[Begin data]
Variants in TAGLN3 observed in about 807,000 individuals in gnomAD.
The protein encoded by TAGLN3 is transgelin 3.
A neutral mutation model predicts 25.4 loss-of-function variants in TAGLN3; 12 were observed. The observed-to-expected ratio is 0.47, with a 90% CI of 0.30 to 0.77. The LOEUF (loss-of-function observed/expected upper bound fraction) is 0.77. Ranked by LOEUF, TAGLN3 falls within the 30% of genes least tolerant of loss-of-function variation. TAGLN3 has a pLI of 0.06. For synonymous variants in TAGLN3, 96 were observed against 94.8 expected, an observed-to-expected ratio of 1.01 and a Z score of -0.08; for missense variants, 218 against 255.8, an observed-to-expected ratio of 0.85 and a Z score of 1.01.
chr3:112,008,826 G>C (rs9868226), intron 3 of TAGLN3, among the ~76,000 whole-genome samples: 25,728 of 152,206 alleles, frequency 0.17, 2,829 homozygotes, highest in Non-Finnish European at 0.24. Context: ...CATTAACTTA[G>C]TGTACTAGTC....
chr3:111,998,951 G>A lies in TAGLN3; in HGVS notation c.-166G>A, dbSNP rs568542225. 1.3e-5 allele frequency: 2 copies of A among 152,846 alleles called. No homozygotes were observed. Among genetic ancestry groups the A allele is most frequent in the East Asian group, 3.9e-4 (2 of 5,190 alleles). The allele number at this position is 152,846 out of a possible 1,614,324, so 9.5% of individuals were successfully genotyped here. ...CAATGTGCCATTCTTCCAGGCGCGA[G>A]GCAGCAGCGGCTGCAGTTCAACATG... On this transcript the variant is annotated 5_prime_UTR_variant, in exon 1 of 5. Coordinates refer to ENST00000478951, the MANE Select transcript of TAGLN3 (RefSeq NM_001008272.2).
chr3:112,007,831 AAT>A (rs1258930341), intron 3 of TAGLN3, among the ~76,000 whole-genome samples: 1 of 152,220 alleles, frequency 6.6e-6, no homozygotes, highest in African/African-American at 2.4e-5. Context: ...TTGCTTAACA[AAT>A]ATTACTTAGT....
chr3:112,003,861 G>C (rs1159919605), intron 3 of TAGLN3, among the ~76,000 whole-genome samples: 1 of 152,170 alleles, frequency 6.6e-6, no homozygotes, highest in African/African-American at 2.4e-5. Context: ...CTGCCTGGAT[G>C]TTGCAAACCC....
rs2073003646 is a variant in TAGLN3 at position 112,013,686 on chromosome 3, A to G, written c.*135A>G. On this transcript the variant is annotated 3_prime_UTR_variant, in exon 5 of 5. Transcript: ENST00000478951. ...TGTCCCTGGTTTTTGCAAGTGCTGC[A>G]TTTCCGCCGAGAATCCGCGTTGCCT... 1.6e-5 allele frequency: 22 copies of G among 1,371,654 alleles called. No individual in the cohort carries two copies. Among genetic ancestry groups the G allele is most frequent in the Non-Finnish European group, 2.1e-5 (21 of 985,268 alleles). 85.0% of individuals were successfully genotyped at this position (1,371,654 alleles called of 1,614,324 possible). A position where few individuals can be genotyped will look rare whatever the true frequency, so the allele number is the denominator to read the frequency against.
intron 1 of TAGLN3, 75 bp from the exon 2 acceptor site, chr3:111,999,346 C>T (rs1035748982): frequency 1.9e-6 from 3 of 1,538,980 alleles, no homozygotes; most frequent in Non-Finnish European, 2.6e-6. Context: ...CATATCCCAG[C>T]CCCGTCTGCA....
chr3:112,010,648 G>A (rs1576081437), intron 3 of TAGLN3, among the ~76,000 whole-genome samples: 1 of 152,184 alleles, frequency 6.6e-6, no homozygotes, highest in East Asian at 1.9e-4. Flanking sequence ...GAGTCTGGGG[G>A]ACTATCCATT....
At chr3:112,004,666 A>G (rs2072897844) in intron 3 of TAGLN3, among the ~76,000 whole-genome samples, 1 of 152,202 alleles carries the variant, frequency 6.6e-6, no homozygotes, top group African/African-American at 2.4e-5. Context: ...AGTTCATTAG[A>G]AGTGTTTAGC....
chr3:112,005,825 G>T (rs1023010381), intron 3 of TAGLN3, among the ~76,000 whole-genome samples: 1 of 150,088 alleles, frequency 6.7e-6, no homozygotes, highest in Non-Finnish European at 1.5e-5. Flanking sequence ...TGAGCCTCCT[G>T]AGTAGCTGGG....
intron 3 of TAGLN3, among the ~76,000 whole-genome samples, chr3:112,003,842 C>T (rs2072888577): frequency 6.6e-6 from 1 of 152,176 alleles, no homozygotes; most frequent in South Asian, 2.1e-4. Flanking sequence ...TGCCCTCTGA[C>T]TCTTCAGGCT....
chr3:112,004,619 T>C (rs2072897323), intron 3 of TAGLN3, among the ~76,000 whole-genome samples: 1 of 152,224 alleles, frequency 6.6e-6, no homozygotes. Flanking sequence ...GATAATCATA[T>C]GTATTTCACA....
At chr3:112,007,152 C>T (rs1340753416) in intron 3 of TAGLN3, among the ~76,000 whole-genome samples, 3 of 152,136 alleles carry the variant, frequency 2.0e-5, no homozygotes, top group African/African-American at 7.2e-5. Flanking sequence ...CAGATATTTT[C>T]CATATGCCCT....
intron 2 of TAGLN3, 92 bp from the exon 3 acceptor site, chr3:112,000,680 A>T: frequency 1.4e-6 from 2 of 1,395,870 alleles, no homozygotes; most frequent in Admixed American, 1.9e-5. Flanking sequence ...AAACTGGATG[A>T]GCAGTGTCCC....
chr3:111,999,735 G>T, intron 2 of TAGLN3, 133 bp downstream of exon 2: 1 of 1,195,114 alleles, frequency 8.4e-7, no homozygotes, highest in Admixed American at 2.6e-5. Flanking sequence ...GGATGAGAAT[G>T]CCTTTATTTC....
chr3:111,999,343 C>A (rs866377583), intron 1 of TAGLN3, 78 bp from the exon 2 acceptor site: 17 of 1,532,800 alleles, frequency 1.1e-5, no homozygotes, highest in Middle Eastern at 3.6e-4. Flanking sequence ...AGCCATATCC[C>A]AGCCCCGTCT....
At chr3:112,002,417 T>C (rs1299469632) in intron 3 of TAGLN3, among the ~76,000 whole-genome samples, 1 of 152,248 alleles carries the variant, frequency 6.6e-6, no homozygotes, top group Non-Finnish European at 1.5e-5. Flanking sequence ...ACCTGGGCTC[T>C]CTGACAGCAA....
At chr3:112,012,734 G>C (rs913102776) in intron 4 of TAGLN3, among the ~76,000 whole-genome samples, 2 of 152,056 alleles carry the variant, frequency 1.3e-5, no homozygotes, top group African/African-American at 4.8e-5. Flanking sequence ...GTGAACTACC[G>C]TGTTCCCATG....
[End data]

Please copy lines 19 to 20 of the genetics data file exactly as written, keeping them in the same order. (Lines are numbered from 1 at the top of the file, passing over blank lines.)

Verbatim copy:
At chr3:112,002,417 T>C (rs1299469632) in intron 3 of TAGLN3, among the ~76,000 whole-genome samples, 1 of 152,248 alleles carries the variant, frequency 6.6e-6, no homozygotes, top group Non-Finnish European at 1.5e-5. Flanking sequence ...ACCTGGGCTC[T>C]CTGACAGCAA....
At chr3:112,012,734 G>C (rs913102776) in intron 4 of TAGLN3, among the ~76,000 whole-genome samples, 2 of 152,056 alleles carry the variant, frequency 1.3e-5, no homozygotes, top group African/African-American at 4.8e-5. Flanking sequence ...GTGAACTACC[G>C]TGTTCCCATG....